Trading under their middle names, Nick Delap and Greta Carroll are relative newcomers to Manchester’s burgeoning synthpop scene, their contemplative compositions placing them at the opposite end of the spectrum from Hurts’ hands-in-the-air anthems and LoneLady’s ear-bending grooves. In fact, one doesn’t even have to press play to understand what kind of record Jem is: on the album sleeve, Bernard + Edith is given in Arabic, and intertwining hands turn out to be those of Carroll’s mother and grandmother, the photograph taken shortly after the latter’s terminal cancer diagnosis. It points the way to a curious mix of exotic, Eastern sounds and themes of love, loss and mortality.
Opener Wurds lands exactly where one might expect, its Oriental-style keys and barely-there pipes leaving plenty of space for Carroll’s arresting harmonies. Delap girds the mix with the kind of running bassline that reappears regularly to keep affairs ticking over. Dagger, on the other hand, is a touch more muscular, its gentle Wye Oak-like intro suddenly stepping aside for a throbbing, thudding passage in which Carroll’s vocals veer between Lana Del Rey and Kate Bush. Delap then takes the reins, his tempo rubato percussion teasing the listener’s ear. It proves to be Jem’s hardest hitter: Crocodile follows up with slightly askew harmonies that sound suspiciously sinister, while the steel drums on recent single Tidal Wave are mere window dressing on an otherwise dark and moody construction.
Nevertheless, these tracks meet their remit, calling to mind the artful acts that have so clearly influenced Bernard + Edith’s sound, including Cocteau Twins, Portishead and Massive Attack (Twin Peaks fans may also have their interest piqued from time to time). It is testament to the album as a whole that missteps are so conspicuous; China is the worst offender, consisting of generically Asian noises and pitch bending so restless it’s as if Delap has only just discovered his synth came with that feature. Fortunately, an album highlight follows in the form of Heartache, its brooding, pulsating chords providing the perfect backdrop for Carroll’s jazz-like freewheeling. A lush chorus interjects, pushing the track in a vaguely dubstep direction (think a lethargic AlunaGeorge).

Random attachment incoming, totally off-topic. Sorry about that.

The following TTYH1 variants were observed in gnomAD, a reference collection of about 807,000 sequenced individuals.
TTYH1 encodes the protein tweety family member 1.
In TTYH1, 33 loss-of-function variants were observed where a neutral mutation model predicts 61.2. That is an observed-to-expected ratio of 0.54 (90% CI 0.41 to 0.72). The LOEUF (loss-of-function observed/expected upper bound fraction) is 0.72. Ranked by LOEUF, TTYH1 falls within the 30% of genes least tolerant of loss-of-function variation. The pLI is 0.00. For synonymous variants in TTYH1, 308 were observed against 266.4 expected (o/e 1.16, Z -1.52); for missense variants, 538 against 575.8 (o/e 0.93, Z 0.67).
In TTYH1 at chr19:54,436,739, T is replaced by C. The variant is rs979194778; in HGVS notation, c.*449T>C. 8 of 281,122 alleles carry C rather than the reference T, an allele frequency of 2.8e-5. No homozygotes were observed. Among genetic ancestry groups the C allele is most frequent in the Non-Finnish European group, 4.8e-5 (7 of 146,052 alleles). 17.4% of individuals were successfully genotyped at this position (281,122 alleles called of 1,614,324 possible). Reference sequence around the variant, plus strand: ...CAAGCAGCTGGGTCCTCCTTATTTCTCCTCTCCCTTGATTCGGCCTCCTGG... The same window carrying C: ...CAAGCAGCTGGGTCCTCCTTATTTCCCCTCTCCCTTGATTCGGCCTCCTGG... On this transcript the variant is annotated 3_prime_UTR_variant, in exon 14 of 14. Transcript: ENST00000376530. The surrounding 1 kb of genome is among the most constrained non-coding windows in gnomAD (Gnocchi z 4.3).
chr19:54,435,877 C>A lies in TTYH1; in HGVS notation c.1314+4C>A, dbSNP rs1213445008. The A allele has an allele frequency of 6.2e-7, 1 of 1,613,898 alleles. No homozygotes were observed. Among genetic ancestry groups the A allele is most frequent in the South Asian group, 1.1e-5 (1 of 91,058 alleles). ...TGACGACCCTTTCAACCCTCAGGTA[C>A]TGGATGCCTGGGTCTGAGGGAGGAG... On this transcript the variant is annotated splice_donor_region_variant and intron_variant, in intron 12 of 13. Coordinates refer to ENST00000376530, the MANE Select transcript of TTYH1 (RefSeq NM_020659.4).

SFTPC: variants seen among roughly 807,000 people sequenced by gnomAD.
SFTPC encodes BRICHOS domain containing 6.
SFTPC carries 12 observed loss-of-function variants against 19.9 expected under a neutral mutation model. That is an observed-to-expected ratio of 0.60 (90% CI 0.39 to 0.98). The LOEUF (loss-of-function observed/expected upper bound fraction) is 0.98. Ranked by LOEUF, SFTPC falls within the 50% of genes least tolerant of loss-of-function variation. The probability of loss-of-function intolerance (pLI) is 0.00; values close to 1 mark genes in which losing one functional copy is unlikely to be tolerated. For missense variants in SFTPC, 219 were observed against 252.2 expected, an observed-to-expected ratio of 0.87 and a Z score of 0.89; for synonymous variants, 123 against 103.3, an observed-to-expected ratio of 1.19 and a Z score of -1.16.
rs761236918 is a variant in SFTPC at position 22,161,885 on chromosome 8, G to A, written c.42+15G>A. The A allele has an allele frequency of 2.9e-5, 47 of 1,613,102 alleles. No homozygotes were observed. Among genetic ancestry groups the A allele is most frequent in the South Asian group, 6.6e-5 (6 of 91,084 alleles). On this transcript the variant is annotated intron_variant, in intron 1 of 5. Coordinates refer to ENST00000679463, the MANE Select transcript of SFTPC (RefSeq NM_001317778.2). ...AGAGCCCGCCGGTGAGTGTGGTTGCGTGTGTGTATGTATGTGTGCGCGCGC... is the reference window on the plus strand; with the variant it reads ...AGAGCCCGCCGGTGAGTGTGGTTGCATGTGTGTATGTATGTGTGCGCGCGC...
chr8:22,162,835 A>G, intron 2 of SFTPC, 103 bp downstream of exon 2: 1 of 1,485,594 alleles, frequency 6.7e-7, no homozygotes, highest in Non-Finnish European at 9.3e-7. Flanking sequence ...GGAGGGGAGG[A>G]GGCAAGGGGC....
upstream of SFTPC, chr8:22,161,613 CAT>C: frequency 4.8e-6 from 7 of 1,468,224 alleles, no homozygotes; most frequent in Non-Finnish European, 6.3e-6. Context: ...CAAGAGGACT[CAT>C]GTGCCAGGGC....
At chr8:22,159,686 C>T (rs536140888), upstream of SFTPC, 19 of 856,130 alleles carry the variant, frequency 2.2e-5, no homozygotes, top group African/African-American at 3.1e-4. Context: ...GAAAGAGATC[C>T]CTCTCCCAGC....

Poppy’s percussion echoes that on Japan’s Ghosts, its pulse augmented by Delap’s club-like beat, but Jem’s final third plays out with few further surprises. Instead, Bernard + Edith continue to plough their furrow, alternating between quiet ambience and pseudo-danceable flourishes that give the album its own ebb and flow. Underwater repeats the feat in four minutes, its liquid-like component parts coming together to form a gorgeous whole that flows across the mix like waves lapping on a shore.
It isn’t always easy to infer meaning – the repeated refrain on Girls Night Out is especially unsettling – and there’s cause to believe that the pair sometimes play their cards a little too close to their chests. Indeed, as was the case with The xx’s debut, one can’t help but imagine the glorious racket Bernard + Edith could make if they operated with more abandon. But that’s not the point on Jem, a thoughtful debut on which art is sorrow, sorrow is art and Eastern influences are incorporated deftly. Most of the time.